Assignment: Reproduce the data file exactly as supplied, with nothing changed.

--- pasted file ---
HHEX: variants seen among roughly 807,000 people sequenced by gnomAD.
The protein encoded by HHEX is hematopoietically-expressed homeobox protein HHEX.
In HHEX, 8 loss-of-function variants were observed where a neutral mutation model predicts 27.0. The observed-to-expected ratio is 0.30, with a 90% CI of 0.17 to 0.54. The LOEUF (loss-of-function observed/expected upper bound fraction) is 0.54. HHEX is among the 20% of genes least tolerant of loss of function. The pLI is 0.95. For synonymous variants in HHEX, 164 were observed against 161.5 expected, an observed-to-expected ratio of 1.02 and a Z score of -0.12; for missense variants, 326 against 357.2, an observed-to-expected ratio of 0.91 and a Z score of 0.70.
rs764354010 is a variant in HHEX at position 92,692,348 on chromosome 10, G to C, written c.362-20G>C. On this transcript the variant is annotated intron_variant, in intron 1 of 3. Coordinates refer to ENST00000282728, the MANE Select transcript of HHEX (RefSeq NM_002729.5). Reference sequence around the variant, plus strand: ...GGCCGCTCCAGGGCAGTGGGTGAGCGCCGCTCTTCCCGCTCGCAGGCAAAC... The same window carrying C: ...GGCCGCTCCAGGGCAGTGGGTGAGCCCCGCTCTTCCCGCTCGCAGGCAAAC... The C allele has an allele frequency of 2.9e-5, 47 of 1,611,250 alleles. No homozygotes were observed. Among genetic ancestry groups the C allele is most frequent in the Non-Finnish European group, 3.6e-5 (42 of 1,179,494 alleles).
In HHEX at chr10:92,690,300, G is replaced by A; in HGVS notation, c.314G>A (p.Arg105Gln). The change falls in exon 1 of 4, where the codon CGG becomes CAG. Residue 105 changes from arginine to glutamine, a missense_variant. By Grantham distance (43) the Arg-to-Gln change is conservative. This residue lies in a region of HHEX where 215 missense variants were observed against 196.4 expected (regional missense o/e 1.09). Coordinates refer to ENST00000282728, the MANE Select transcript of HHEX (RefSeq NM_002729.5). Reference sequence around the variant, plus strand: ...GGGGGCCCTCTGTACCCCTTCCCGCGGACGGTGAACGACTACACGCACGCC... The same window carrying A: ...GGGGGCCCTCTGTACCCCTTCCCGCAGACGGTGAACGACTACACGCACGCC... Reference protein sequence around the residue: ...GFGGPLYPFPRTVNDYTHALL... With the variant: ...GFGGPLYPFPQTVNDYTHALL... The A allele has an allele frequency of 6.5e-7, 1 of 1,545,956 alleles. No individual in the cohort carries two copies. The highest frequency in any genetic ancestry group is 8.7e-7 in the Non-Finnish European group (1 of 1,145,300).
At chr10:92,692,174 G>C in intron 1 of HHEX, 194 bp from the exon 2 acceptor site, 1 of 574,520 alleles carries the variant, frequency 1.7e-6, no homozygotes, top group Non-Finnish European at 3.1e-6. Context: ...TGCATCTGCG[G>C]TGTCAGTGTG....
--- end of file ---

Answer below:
HHEX: variants seen among roughly 807,000 people sequenced by gnomAD.
The protein encoded by HHEX is hematopoietically-expressed homeobox protein HHEX.
In HHEX, 8 loss-of-function variants were observed where a neutral mutation model predicts 27.0. The observed-to-expected ratio is 0.30, with a 90% CI of 0.17 to 0.54. The LOEUF (loss-of-function observed/expected upper bound fraction) is 0.54. HHEX is among the 20% of genes least tolerant of loss of function. The pLI is 0.95. For synonymous variants in HHEX, 164 were observed against 161.5 expected, an observed-to-expected ratio of 1.02 and a Z score of -0.12; for missense variants, 326 against 357.2, an observed-to-expected ratio of 0.91 and a Z score of 0.70.
rs764354010 is a variant in HHEX at position 92,692,348 on chromosome 10, G to C, written c.362-20G>C. On this transcript the variant is annotated intron_variant, in intron 1 of 3. Coordinates refer to ENST00000282728, the MANE Select transcript of HHEX (RefSeq NM_002729.5). Reference sequence around the variant, plus strand: ...GGCCGCTCCAGGGCAGTGGGTGAGCGCCGCTCTTCCCGCTCGCAGGCAAAC... The same window carrying C: ...GGCCGCTCCAGGGCAGTGGGTGAGCCCCGCTCTTCCCGCTCGCAGGCAAAC... The C allele has an allele frequency of 2.9e-5, 47 of 1,611,250 alleles. No homozygotes were observed. Among genetic ancestry groups the C allele is most frequent in the Non-Finnish European group, 3.6e-5 (42 of 1,179,494 alleles).
In HHEX at chr10:92,690,300, G is replaced by A; in HGVS notation, c.314G>A (p.Arg105Gln). The change falls in exon 1 of 4, where the codon CGG becomes CAG. Residue 105 changes from arginine to glutamine, a missense_variant. By Grantham distance (43) the Arg-to-Gln change is conservative. This residue lies in a region of HHEX where 215 missense variants were observed against 196.4 expected (regional missense o/e 1.09). Coordinates refer to ENST00000282728, the MANE Select transcript of HHEX (RefSeq NM_002729.5). Reference sequence around the variant, plus strand: ...GGGGGCCCTCTGTACCCCTTCCCGCGGACGGTGAACGACTACACGCACGCC... The same window carrying A: ...GGGGGCCCTCTGTACCCCTTCCCGCAGACGGTGAACGACTACACGCACGCC... Reference protein sequence around the residue: ...GFGGPLYPFPRTVNDYTHALL... With the variant: ...GFGGPLYPFPQTVNDYTHALL... The A allele has an allele frequency of 6.5e-7, 1 of 1,545,956 alleles. No individual in the cohort carries two copies. The highest frequency in any genetic ancestry group is 8.7e-7 in the Non-Finnish European group (1 of 1,145,300).
At chr10:92,692,174 G>C in intron 1 of HHEX, 194 bp from the exon 2 acceptor site, 1 of 574,520 alleles carries the variant, frequency 1.7e-6, no homozygotes, top group Non-Finnish European at 3.1e-6. Context: ...TGCATCTGCG[G>C]TGTCAGTGTG....